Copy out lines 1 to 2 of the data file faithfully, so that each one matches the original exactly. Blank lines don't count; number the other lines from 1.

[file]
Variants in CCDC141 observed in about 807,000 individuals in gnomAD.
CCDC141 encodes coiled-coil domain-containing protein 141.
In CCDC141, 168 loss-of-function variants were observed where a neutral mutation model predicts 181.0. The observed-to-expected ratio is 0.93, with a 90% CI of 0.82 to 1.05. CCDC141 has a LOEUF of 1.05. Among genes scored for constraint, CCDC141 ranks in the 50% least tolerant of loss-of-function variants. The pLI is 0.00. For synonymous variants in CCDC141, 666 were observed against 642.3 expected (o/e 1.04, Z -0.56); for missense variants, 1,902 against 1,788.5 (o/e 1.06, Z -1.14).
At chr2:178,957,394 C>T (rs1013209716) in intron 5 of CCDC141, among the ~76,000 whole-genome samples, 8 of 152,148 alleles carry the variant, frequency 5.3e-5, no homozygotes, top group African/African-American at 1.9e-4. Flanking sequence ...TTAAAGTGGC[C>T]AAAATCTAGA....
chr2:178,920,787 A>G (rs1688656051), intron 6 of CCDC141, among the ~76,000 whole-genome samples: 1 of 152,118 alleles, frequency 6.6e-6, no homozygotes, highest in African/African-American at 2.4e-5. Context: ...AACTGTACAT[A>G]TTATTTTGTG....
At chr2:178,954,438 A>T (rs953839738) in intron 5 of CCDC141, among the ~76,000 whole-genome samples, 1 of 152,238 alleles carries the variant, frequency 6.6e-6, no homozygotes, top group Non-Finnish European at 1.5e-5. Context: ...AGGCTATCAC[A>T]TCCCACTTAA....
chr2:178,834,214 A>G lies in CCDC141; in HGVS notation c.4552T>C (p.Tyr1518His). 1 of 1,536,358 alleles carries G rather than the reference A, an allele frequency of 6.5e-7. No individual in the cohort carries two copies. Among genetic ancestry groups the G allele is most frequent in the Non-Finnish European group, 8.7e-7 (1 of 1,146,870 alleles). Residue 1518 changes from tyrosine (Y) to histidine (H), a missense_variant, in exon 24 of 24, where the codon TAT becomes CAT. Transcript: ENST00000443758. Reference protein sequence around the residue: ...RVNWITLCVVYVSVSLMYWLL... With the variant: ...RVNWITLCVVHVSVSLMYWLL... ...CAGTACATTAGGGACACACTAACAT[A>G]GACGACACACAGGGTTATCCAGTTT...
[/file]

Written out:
Variants in CCDC141 observed in about 807,000 individuals in gnomAD.
CCDC141 encodes coiled-coil domain-containing protein 141.